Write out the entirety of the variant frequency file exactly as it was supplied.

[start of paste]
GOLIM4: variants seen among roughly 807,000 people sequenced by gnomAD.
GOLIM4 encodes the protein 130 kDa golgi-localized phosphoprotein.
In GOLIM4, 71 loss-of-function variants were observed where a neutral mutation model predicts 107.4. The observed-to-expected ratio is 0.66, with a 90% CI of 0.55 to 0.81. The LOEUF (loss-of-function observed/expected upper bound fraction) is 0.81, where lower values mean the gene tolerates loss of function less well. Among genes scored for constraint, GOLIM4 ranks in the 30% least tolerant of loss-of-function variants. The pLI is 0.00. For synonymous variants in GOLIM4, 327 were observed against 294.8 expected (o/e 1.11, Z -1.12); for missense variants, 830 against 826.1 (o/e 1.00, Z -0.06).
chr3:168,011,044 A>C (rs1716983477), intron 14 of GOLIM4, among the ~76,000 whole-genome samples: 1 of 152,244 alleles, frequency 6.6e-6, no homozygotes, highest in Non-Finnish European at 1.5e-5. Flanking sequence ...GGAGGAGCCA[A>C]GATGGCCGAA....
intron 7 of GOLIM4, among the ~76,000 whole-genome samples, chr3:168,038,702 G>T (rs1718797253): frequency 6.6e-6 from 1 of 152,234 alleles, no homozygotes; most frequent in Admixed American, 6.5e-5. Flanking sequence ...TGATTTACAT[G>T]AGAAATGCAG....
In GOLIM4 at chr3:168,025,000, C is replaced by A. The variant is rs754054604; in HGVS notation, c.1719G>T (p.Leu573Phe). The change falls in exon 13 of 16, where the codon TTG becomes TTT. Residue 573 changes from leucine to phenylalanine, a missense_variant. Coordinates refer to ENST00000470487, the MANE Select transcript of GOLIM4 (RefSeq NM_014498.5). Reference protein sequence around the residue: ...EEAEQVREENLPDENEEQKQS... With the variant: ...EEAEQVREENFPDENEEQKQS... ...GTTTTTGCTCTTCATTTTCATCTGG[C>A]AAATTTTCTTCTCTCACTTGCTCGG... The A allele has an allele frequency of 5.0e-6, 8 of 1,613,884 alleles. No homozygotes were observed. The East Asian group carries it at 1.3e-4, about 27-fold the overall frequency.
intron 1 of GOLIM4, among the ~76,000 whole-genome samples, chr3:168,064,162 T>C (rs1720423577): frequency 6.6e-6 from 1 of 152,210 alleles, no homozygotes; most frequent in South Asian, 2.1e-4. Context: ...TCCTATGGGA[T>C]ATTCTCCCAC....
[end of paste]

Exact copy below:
GOLIM4: variants seen among roughly 807,000 people sequenced by gnomAD.
GOLIM4 encodes the protein 130 kDa golgi-localized phosphoprotein.
In GOLIM4, 71 loss-of-function variants were observed where a neutral mutation model predicts 107.4. The observed-to-expected ratio is 0.66, with a 90% CI of 0.55 to 0.81. The LOEUF (loss-of-function observed/expected upper bound fraction) is 0.81, where lower values mean the gene tolerates loss of function less well. Among genes scored for constraint, GOLIM4 ranks in the 30% least tolerant of loss-of-function variants. The pLI is 0.00. For synonymous variants in GOLIM4, 327 were observed against 294.8 expected (o/e 1.11, Z -1.12); for missense variants, 830 against 826.1 (o/e 1.00, Z -0.06).
chr3:168,011,044 A>C (rs1716983477), intron 14 of GOLIM4, among the ~76,000 whole-genome samples: 1 of 152,244 alleles, frequency 6.6e-6, no homozygotes, highest in Non-Finnish European at 1.5e-5. Flanking sequence ...GGAGGAGCCA[A>C]GATGGCCGAA....
intron 7 of GOLIM4, among the ~76,000 whole-genome samples, chr3:168,038,702 G>T (rs1718797253): frequency 6.6e-6 from 1 of 152,234 alleles, no homozygotes; most frequent in Admixed American, 6.5e-5. Flanking sequence ...TGATTTACAT[G>T]AGAAATGCAG....
In GOLIM4 at chr3:168,025,000, C is replaced by A. The variant is rs754054604; in HGVS notation, c.1719G>T (p.Leu573Phe). The change falls in exon 13 of 16, where the codon TTG becomes TTT. Residue 573 changes from leucine to phenylalanine, a missense_variant. Coordinates refer to ENST00000470487, the MANE Select transcript of GOLIM4 (RefSeq NM_014498.5). Reference protein sequence around the residue: ...EEAEQVREENLPDENEEQKQS... With the variant: ...EEAEQVREENFPDENEEQKQS... ...GTTTTTGCTCTTCATTTTCATCTGG[C>A]AAATTTTCTTCTCTCACTTGCTCGG... The A allele has an allele frequency of 5.0e-6, 8 of 1,613,884 alleles. No homozygotes were observed. The East Asian group carries it at 1.3e-4, about 27-fold the overall frequency.
intron 1 of GOLIM4, among the ~76,000 whole-genome samples, chr3:168,064,162 T>C (rs1720423577): frequency 6.6e-6 from 1 of 152,210 alleles, no homozygotes; most frequent in South Asian, 2.1e-4. Context: ...TCCTATGGGA[T>C]ATTCTCCCAC....